• Andy

    It is “maths”! Just because you might be from North America doesn’t mean you get to bastardise proper English!

  • David Crawford

    Mathematics, There is no singular in Maths. You need two numbers to do mathematics therefore its MATHS. If you have only One its COUNTING.

  • Potato

    Is this really what you humans waste your little your time on?
    Wow
    – A very succesful potato

  • Anonymous

    Why don’t we all just say the slightly more complicated version “mathematics” all the time, BOOM problem solved. If you disagree with me then I feel obligated to say you are lazy.

  • Mike Applegate

    Basically, the US is the only nation to use the term ‘math’. Every other English speaking nation uses ‘Maths’. The term that I hear a lot of US people using is ‘You do the math’ but if you expressed that fully it would read ‘You do the mathematic’ which just sounds wrong. I think if the US are the ONLY people saying ‘Math’ then you’re clearly in the wrong, regardless of any convoluted explanation you try and apply to it. Besides, it’s the ‘English’ language, so whatever we say goes because it’s our language, 😝😝😝😝

  • Charles Higginson

    I’m late to this party, but I hope many of the posters above have acquired appropriate prescription medication. Jeez.
    A quick read of the entry on “-ics” in Fowler/Gowers’ 1965 “Modern English Usage” makes about 95 percent of the arguments above, whether pro, con, quasi-reasonable, jingoistic, idiotic, or incoherent, seem quite small.

  • Dano

    British people getting upset about the bastardisation of their language! Laughable. English is derived from Germanic languages, so the good people of England didn’t invent this precious language. You can thank imperialism for your bastardisation. When the number of “English” speaking people outnumber the population of England you don’t get to call the shots anymore.

  • Rey Leija

    The origin of the word “mathematics” was derived from the greek “mathema” which evolved into the latin neuter plural “matematica” (no s) meaning mathematical art. So what is wrong with dropping the “s” when the true origin of the word never contained one to begin with.

    For those that would argue that its not plausible to have both “math” and “maths” because “mathematic” is not a word. When the term was absorbed into the french language (before it was used by the english), the French used “les mathematiques” plurally and “les mathematique” singularly.

  • Seth Jeffery

    These arguments over “correct english” are quite interesting and also humorous. (Is that “quite” as in very, or “quite” as in a little bit?)

    I speak as a Brit and, considering how obscure the english language is, you simply cannot argue by logic whether a word should be written one way or another. English as a language has always defied logic: One house, two houses; one mouse, two mice. Cough, dough, rough, plough (plow?), through, hiccough!!

    I also find the historical argument (“English should belong to the English”) makes little sense either. English is and has always been an evolving language. It’s possible that 400 years ago they said “math” and the British changed it, or perhaps they said “maths” and the Americans changed it, or perhaps they said “mathematics” and both sides went their separate ways! Who cares? 100 years ago the word “gay” meant happy, and now it means homosexual, and I don’t hear anyone getting upset about it.

    In the end, there are simply different sets of rules for vocabulary and grammar depending on which locale you are addressing. And the more you learn and respect, the better at communication y’all gonna be.. bruv.

  • Bob

    Pardon me but what is american English? I think you mean american; and what is British English? I think you mean English. How long has america existed? A couple of hundred years. England, however, has existed for far longer, so don’t call it “British English” because in Britain there are more than 3 other languages – they’re not all English; and don’t call it “american English” because such a thing doesn’t exist. america needs to get its own language and stop trying to change what already is.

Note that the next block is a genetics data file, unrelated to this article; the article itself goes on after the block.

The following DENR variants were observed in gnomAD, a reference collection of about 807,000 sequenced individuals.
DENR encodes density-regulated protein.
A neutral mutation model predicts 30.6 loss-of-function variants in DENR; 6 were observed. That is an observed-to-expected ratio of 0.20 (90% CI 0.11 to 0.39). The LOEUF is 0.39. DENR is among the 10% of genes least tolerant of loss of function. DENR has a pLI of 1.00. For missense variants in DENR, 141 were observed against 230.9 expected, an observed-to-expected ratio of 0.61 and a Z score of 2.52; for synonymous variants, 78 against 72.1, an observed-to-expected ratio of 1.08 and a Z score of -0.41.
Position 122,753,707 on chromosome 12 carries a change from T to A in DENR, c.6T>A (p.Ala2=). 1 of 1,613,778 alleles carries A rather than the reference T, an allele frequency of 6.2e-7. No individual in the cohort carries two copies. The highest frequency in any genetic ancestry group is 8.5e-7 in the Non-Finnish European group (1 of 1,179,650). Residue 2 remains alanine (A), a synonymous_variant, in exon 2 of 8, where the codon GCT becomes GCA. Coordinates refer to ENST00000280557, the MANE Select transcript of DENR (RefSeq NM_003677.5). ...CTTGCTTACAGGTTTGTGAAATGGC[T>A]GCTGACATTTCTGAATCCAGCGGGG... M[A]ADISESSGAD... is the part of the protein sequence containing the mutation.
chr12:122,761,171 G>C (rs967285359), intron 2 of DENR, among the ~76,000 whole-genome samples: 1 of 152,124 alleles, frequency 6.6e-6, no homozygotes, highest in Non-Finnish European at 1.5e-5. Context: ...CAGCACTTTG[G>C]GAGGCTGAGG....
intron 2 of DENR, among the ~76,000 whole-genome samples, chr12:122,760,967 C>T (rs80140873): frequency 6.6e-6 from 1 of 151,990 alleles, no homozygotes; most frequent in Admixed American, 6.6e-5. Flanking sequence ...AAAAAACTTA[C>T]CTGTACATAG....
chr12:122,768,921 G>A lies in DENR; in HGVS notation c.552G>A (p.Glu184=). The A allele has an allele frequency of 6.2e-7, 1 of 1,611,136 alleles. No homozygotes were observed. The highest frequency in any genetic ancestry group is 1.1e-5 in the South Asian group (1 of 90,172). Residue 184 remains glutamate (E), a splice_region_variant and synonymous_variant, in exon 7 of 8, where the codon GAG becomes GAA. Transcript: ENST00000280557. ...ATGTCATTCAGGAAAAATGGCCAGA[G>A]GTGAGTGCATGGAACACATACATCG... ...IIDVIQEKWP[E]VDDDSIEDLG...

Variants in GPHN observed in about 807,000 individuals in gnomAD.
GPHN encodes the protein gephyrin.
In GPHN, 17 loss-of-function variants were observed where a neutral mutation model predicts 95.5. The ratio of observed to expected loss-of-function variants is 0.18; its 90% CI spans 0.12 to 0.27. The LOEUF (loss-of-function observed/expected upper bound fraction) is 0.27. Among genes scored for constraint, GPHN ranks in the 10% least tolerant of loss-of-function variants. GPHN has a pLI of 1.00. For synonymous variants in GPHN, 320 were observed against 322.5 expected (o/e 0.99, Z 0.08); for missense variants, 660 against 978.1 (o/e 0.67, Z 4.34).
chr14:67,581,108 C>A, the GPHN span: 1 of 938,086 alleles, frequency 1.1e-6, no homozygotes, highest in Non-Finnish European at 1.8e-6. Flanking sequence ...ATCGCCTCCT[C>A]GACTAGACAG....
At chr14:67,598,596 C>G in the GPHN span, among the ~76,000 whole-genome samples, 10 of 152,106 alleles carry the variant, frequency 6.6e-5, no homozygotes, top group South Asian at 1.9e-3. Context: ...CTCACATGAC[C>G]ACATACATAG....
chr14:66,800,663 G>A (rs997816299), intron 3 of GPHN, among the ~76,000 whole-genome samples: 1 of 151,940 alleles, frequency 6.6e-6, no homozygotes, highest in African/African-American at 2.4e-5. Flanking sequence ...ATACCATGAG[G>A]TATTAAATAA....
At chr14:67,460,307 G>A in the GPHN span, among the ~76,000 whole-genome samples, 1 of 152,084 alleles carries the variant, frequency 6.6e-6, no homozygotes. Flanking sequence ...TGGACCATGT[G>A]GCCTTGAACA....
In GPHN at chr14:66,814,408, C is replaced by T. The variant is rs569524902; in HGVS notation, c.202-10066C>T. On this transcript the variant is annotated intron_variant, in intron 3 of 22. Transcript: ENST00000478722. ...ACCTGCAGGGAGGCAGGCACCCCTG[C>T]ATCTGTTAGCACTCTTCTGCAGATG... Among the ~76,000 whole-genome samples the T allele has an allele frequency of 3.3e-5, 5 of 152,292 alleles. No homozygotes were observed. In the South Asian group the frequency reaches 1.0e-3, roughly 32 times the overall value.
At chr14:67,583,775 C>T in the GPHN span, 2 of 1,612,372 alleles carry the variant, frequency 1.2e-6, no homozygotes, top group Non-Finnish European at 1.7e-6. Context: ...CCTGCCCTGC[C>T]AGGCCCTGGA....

If it’s “incorrect” to remove “ematic” and keep the S at the end, then in the examples, “That is Robert’s computer” and “That is Rob’s computer”, the S should also be removed. Sarcastic? No – truth.

    Thanks.

    P.S. How long shall I wait for Americans and Americanised people to come and try and defend America with their “logic” and rationalisations?

  • John Cox

    It is not correct that North American speakers of English use the word “math”, and speakers of “British” English use “maths”. Only North Americans use “math”, all other speakers of English use “maths”.

  • Savannah

    I actually don’t see why they can’t both be correct; people could just use the one they liked, or use them interchangeably. It’s not like homonyms are a new thing, anyway.

  • Mark

    I’m in the camp that “math” is proper. As you say, it doesn’t make any sense to be dropping the “ematic” while leaving the ‘s’. I have no difficulty accepting that “math” is just a shortened form of ‘mathematics’, just as easily as a word like ‘drama’ can easily be used as a shortened form for the word ‘dramatics’, when talking about the general field, or art of acting, for example.

    Oh, and I’m not American.

  • Gary

    For consistency I should probably have written,

    “We have changed it no more since it was brought here, than you have since it was taken” — or some such phrase. Alas, I’m only an American, and thus doomed to bastardize the language.

    Well, at least we got rid of that silly German family who were pretending to be English.

  • Gary

    Hmm. I thought “the people who … invented the language” were all dead? Well, I suppose not, since it is a living language and must therefore have living speakers.

    As to “getting our own language”, I think our forebears brought one with them, thank you. It was and is called English. And we have changed it no more since it was brought here, than you have since they left. (It has, of course, changed somewhat on both sides.)

    Unlike the English, however, we have not adopted the innovation of pronouncing the “h” in “herb”, but continue to pronounce it as our mutual ancestors did.

  • Norman Lowe

    It is Maths. The USA has adopted English and changed it then attempts to tell the people who not only invented the language but for whom the very name is their ethnic identity they are somehow wrong?

    Why don’t they get their own language and stop bastardising ours?